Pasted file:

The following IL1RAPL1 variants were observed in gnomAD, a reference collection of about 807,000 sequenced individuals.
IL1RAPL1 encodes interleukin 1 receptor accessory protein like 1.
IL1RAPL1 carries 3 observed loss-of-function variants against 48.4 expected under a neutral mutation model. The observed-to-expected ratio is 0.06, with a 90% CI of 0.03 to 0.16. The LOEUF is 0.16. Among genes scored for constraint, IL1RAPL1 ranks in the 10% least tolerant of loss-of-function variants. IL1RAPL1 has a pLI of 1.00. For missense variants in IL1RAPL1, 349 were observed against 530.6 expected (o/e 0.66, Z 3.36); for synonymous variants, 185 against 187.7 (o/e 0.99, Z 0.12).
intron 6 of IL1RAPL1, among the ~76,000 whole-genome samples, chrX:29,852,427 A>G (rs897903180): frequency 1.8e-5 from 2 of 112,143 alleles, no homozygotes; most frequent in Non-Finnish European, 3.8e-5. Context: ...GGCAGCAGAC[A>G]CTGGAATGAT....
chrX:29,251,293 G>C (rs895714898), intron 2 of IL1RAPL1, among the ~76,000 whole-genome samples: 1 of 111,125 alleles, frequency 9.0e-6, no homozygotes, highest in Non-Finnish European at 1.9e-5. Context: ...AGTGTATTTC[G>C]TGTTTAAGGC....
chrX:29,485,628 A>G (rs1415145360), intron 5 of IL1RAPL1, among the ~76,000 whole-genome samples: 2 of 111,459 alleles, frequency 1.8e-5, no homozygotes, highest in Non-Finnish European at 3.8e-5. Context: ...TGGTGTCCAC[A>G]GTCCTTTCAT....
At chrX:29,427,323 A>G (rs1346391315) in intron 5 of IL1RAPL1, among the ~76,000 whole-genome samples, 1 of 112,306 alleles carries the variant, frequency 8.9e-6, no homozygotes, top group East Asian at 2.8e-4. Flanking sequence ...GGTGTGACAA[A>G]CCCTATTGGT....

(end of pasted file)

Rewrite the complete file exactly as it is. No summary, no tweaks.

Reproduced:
The following IL1RAPL1 variants were observed in gnomAD, a reference collection of about 807,000 sequenced individuals.
IL1RAPL1 encodes interleukin 1 receptor accessory protein like 1.
IL1RAPL1 carries 3 observed loss-of-function variants against 48.4 expected under a neutral mutation model. The observed-to-expected ratio is 0.06, with a 90% CI of 0.03 to 0.16. The LOEUF is 0.16. Among genes scored for constraint, IL1RAPL1 ranks in the 10% least tolerant of loss-of-function variants. IL1RAPL1 has a pLI of 1.00. For missense variants in IL1RAPL1, 349 were observed against 530.6 expected (o/e 0.66, Z 3.36); for synonymous variants, 185 against 187.7 (o/e 0.99, Z 0.12).
intron 6 of IL1RAPL1, among the ~76,000 whole-genome samples, chrX:29,852,427 A>G (rs897903180): frequency 1.8e-5 from 2 of 112,143 alleles, no homozygotes; most frequent in Non-Finnish European, 3.8e-5. Context: ...GGCAGCAGAC[A>G]CTGGAATGAT....
chrX:29,251,293 G>C (rs895714898), intron 2 of IL1RAPL1, among the ~76,000 whole-genome samples: 1 of 111,125 alleles, frequency 9.0e-6, no homozygotes, highest in Non-Finnish European at 1.9e-5. Context: ...AGTGTATTTC[G>C]TGTTTAAGGC....
chrX:29,485,628 A>G (rs1415145360), intron 5 of IL1RAPL1, among the ~76,000 whole-genome samples: 2 of 111,459 alleles, frequency 1.8e-5, no homozygotes, highest in Non-Finnish European at 3.8e-5. Context: ...TGGTGTCCAC[A>G]GTCCTTTCAT....
At chrX:29,427,323 A>G (rs1346391315) in intron 5 of IL1RAPL1, among the ~76,000 whole-genome samples, 1 of 112,306 alleles carries the variant, frequency 8.9e-6, no homozygotes, top group East Asian at 2.8e-4. Flanking sequence ...GGTGTGACAA[A>G]CCCTATTGGT....